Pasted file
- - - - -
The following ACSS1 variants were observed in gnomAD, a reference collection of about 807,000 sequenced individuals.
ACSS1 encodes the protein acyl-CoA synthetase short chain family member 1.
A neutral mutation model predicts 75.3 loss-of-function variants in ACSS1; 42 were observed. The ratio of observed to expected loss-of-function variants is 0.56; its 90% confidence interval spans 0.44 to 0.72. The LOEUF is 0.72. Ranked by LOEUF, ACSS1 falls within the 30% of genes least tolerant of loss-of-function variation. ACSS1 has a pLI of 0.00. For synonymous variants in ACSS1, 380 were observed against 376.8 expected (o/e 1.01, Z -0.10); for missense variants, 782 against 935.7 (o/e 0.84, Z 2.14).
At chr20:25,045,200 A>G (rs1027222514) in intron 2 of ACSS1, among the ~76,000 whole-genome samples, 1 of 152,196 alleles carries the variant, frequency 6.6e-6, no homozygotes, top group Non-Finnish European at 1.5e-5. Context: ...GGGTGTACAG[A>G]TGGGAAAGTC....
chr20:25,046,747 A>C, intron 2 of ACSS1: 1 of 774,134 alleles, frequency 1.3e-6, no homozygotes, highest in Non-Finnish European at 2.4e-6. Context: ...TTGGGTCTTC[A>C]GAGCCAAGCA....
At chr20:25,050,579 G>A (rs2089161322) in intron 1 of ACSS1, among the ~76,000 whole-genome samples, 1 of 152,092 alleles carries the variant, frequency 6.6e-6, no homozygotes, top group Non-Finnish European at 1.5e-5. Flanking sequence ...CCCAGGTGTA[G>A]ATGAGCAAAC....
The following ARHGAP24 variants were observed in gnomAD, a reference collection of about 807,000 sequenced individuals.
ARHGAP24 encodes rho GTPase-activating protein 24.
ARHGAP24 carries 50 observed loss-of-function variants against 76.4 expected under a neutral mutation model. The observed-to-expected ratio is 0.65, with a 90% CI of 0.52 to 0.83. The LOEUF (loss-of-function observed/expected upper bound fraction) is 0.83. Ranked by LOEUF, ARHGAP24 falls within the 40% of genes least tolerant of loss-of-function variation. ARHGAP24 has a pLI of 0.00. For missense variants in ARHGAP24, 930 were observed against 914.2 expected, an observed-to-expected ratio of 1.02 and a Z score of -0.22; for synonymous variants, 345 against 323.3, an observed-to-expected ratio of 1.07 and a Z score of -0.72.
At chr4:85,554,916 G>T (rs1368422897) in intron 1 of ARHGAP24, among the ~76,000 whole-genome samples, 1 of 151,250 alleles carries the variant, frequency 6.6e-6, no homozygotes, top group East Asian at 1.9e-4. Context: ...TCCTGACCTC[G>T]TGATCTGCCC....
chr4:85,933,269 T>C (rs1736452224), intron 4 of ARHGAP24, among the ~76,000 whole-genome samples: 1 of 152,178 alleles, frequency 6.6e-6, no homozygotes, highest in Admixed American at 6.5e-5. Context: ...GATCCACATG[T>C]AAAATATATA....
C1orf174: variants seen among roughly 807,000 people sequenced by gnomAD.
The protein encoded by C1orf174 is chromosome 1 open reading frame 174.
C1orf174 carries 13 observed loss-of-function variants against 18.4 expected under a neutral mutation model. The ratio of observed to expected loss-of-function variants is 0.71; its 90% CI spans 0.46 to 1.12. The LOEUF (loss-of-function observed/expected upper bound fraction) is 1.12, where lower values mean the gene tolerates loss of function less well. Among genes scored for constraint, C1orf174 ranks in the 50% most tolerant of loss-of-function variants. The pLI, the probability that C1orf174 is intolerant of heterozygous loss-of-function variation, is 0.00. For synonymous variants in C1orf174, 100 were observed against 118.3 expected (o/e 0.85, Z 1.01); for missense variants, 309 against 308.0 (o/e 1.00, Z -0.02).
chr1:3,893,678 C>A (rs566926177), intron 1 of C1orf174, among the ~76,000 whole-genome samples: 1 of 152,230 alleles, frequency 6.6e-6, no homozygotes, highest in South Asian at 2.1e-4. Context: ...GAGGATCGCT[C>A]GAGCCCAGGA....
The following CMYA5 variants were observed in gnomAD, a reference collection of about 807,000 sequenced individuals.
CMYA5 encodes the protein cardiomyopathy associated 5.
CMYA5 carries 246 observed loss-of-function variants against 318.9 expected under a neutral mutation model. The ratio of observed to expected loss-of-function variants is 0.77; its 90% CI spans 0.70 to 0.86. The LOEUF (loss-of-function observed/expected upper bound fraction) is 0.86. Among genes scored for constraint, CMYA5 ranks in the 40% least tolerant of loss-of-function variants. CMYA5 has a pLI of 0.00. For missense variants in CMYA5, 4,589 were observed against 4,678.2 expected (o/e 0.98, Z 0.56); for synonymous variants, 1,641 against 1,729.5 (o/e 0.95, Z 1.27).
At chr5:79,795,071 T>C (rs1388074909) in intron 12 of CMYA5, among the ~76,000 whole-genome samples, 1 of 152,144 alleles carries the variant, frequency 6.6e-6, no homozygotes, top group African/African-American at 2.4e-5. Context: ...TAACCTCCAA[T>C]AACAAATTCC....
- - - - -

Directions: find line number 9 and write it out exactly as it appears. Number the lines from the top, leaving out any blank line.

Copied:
ARHGAP24 carries 50 observed loss-of-function variants against 76.4 expected under a neutral mutation model. The observed-to-expected ratio is 0.65, with a 90% CI of 0.52 to 0.83. The LOEUF (loss-of-function observed/expected upper bound fraction) is 0.83. Ranked by LOEUF, ARHGAP24 falls within the 40% of genes least tolerant of loss-of-function variation. ARHGAP24 has a pLI of 0.00. For missense variants in ARHGAP24, 930 were observed against 914.2 expected, an observed-to-expected ratio of 1.02 and a Z score of -0.22; for synonymous variants, 345 against 323.3, an observed-to-expected ratio of 1.07 and a Z score of -0.72.